Raggedy Man (1981)
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The problem with the script, and I suspect the screenwriter realized this, is that the Raggedy Man sails too close to Boo Radley, and so the plot must steer away from devices like having the boys be afraid of him. Yet he cannot disappear, so we have shots of him lurking about, or shots of his shop, lest we forget he is part of the story.
I think the film would have worked without him even being part of it, a small tale of a thwarted four day liberty if told from the sailor's point of view, or better, simply a tale of a four day honeymoon for the divorced women. But heaven forbid, there would have been little action. Somehow the ending violence robbed me of my memory of Sissy dancing with her broom while the Andrews Sisters sang.
But as I mentioned, that's if "Raggedy Man" was a straightforward drama. Unfortunately, it isn't. Building up throughout the film, and culminating in a grandly ill-advised finale, it has aspirations of being some sort of domestic thriller. The reasons for this are beyond my comprehension. Perhaps someone wanted a little unneeded excitement interjected into the film? That's not something I'd generally be opposed to if it weren't so poorly put across. It's a similar mistake made in a film called "The River Rat", which insisted on turning a low key father-daughter drama into a adventure movie for kids.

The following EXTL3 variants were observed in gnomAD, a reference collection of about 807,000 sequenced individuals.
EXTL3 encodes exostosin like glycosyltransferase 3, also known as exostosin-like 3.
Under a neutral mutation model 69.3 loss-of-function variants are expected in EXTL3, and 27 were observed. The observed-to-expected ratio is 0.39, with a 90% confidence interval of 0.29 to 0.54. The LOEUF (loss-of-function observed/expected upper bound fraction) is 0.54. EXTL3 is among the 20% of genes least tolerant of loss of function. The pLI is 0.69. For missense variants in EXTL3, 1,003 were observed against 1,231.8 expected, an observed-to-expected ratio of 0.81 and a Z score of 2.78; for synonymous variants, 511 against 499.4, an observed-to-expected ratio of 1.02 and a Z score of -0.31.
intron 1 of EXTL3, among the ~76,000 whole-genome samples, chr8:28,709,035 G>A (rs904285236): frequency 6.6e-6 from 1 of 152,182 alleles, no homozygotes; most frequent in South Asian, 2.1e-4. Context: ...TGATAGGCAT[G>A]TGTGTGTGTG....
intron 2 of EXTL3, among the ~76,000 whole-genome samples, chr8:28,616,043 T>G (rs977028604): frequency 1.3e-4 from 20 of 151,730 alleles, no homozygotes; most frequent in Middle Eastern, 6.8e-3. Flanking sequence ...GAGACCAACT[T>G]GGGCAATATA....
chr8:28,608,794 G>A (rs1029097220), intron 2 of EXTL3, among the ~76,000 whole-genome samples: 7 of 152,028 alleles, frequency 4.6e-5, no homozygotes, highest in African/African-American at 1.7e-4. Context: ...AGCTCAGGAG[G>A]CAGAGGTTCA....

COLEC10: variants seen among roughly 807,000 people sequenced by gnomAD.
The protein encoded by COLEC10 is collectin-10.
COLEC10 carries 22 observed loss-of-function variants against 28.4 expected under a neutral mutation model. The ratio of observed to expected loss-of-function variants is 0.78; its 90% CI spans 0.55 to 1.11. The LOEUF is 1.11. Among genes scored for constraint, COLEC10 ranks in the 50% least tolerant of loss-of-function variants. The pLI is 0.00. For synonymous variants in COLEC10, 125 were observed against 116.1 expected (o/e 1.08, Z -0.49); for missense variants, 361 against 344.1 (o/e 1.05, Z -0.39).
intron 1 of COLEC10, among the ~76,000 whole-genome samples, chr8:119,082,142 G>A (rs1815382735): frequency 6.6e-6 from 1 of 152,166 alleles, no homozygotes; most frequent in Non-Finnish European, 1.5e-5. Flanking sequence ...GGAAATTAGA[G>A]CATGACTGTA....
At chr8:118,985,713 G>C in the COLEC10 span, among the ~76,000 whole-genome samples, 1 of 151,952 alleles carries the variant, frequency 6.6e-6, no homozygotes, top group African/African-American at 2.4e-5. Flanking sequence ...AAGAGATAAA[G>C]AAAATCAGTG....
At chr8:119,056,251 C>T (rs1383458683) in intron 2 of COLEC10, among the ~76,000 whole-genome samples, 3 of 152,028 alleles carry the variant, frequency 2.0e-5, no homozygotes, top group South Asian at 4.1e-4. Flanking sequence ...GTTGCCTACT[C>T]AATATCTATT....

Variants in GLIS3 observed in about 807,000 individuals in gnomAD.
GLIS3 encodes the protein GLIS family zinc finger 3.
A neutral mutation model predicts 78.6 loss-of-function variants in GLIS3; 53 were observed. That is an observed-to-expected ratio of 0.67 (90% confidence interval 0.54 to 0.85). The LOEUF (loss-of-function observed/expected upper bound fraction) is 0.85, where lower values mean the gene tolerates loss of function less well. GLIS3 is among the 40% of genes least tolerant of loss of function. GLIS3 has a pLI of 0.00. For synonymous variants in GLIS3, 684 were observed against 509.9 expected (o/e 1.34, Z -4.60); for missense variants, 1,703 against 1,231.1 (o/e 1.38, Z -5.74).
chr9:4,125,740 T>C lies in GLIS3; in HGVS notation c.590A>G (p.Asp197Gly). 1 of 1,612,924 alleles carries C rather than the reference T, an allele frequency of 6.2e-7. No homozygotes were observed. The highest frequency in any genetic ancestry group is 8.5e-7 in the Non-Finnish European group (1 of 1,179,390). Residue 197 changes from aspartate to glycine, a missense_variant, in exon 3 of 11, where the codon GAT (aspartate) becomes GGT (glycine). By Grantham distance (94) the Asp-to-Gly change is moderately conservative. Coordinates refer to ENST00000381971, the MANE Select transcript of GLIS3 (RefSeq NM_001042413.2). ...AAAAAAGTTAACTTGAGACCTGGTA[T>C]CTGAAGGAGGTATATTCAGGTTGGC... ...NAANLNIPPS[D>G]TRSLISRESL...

I have to say, though, that in spite of its sometimes misguided nature, the overwhelmingly well made aspects shine through. The vast majority of "Raggedy Man" is emotionally raw, pure and understated. It holds a convincing humanity and purity of heart. And that means something in a film that's just a bit too schizophrenic for its own good. I recommend it.